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  7. As long as we arrive at the end completely satisfied, Rachel. Well maybe not completely. Even after we've been published we often find better ways to write things.

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  8. Love ya work Rita!
    Isn't it wonderful how creative minds think....differently!

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    1. Thanks Di. Yep,
      just as well we can stretch the 'rules'.

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  9. I hear you, Rita! I'm a tweener. I like to have some plot posts sorted, but I also like things to emerge. My novel has changed so many times since I started that it bears little resemblance to the original. I'm still doing the structural edit and am thinking how much easier it would have been if I'd had more of those plot posts sorted to begin with. But like you, I had to try some of them out to know if they'd work or not. Good luck with yours.

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    1. Hi Nola, I love the way you've discovered your novel 'bears little resemblance to the original'. That makes for a fascinating, if maybe sometimes, frustrating journey. And we learn as we go.

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  10. Awesome, thank you. I straddle the fence. My book series is fiction, but it - at least initially - had 'signposts' in it as I went through the gospel of John. But it was soon following the characters and deciding if that was the 'right' direction. Book 5 is current, and the way I am going it is threatening to spill into a book 6. Not a good idea. I need the roof for the series. LOL (thanks for a refreshing and encouraging read after a couple of days of health issues. And the replies have been encouraging too... I am not alone LOL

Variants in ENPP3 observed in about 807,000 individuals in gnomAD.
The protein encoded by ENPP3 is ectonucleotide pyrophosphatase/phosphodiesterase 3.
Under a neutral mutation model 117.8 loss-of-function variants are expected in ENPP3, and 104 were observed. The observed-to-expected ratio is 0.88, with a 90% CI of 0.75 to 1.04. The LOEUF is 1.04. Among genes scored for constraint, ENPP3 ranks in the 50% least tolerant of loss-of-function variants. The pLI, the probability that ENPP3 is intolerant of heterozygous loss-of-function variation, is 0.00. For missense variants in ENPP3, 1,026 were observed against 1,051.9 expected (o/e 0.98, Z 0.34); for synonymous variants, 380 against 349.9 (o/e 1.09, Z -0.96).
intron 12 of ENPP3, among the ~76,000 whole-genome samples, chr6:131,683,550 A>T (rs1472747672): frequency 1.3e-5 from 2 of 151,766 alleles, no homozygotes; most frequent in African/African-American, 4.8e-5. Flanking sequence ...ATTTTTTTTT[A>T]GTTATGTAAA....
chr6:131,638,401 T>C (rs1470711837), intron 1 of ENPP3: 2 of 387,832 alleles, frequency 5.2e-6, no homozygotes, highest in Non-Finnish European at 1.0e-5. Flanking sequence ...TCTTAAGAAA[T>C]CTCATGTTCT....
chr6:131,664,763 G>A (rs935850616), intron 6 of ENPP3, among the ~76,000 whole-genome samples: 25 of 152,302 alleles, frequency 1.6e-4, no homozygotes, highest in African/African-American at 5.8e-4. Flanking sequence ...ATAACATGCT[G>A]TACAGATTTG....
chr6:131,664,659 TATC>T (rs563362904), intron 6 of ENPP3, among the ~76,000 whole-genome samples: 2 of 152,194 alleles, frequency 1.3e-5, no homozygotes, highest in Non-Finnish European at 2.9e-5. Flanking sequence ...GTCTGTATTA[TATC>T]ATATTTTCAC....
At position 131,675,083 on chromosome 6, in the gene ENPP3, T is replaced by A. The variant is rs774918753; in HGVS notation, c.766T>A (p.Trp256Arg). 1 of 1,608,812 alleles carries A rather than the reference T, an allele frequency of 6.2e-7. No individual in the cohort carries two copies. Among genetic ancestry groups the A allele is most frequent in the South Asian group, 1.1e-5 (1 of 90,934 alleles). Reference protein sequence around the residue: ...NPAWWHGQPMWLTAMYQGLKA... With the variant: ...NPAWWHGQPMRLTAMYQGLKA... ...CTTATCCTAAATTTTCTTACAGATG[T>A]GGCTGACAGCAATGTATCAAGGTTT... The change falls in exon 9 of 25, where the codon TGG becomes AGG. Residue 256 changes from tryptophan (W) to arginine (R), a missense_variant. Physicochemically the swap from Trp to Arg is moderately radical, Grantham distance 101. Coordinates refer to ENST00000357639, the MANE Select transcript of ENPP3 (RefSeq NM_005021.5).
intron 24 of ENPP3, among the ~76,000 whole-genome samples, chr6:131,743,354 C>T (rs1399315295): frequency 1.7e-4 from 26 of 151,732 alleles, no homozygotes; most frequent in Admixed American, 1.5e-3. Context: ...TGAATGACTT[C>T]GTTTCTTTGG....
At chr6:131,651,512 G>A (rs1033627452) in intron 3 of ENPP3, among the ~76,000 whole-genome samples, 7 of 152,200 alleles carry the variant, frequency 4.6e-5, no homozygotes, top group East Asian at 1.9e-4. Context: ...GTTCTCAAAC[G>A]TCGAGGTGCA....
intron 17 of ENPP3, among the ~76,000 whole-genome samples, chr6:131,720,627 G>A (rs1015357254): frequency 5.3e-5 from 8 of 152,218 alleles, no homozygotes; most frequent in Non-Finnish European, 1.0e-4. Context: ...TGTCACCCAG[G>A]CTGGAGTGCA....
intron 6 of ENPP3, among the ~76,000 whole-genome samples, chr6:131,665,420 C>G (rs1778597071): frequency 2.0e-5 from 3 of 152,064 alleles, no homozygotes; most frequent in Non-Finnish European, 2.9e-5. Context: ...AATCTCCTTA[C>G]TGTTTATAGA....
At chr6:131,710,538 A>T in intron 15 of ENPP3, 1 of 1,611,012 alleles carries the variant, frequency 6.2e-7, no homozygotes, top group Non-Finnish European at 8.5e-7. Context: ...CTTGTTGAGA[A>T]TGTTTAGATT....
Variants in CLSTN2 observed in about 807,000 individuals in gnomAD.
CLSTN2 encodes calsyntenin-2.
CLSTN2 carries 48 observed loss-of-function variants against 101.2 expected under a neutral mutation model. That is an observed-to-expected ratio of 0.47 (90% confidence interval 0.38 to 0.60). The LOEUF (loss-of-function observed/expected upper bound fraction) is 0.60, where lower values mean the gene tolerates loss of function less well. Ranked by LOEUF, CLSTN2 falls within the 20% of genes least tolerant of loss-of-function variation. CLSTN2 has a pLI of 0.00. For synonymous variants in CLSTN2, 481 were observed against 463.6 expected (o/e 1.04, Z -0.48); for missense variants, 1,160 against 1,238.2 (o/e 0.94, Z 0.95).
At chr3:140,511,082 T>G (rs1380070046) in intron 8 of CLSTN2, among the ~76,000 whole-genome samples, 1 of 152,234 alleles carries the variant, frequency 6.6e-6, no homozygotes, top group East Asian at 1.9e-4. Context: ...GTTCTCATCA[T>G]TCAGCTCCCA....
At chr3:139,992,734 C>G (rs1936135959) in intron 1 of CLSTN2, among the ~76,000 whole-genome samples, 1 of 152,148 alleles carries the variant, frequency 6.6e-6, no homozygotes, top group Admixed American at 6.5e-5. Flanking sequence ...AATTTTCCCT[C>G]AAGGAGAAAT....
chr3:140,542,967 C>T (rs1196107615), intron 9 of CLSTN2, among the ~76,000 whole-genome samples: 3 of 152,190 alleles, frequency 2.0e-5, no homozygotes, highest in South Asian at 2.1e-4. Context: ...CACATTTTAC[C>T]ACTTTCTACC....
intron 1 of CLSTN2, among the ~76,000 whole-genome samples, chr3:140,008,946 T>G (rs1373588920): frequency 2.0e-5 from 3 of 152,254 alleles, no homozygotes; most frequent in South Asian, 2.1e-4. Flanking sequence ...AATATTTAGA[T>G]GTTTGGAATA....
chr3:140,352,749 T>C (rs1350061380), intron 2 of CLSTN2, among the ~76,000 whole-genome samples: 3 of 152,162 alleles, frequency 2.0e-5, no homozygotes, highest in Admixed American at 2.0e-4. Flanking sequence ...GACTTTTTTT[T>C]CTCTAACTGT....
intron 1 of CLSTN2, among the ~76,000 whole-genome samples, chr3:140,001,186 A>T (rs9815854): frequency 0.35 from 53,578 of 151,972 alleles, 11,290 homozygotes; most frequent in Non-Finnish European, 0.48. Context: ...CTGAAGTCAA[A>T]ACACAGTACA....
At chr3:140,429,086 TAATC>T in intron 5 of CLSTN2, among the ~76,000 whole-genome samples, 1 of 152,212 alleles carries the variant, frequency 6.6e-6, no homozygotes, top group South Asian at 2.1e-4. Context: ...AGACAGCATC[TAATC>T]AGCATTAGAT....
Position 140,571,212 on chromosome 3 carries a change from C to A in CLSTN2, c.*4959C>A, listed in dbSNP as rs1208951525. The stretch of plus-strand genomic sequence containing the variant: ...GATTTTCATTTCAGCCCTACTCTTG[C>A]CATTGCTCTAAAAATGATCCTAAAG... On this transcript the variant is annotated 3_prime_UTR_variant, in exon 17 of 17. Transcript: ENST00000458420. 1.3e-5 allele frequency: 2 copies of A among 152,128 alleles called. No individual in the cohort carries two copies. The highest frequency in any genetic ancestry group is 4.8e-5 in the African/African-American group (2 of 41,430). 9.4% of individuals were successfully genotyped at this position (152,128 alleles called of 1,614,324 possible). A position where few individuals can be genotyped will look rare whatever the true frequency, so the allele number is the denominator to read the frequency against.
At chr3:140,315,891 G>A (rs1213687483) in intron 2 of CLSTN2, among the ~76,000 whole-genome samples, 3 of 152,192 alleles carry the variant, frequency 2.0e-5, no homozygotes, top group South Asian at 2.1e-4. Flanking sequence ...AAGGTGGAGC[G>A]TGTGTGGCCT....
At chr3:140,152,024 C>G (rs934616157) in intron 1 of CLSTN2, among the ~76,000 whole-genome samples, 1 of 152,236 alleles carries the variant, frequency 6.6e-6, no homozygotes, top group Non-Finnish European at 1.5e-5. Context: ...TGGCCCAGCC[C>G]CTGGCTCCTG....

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    1. So true dear Susan. We are definitely not alone. We all have the same struggles. And that probably makes our writing ring true.

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  11. Fabulous analogy, Rita! I'd have gone stir-crazy if I hadn't read Jean-Luc Goddard's quote that 'A story should have a beginning, a middle and an end, not necessarily in that order.' While I've stacked up quite a few building materials for my next novel, I might start with the roof and work backwards to avoid giving away too much, too soon.

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  12. A very interesting way to describe the process of the novel you're writing. My latest novel has been a bit of random collection of pieces and it's taken a long time to bring them all together into a cohesive whole. Thanks for sharing your experience. Really enjoyed this blog.

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    1. I guess you could say yor writing style is like Quilting. All those bits & pieces coming together and making the finished M/S.

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  13. Interesting analogy Rita. Interesting to hear how many fellow authors are planners vs pantsers.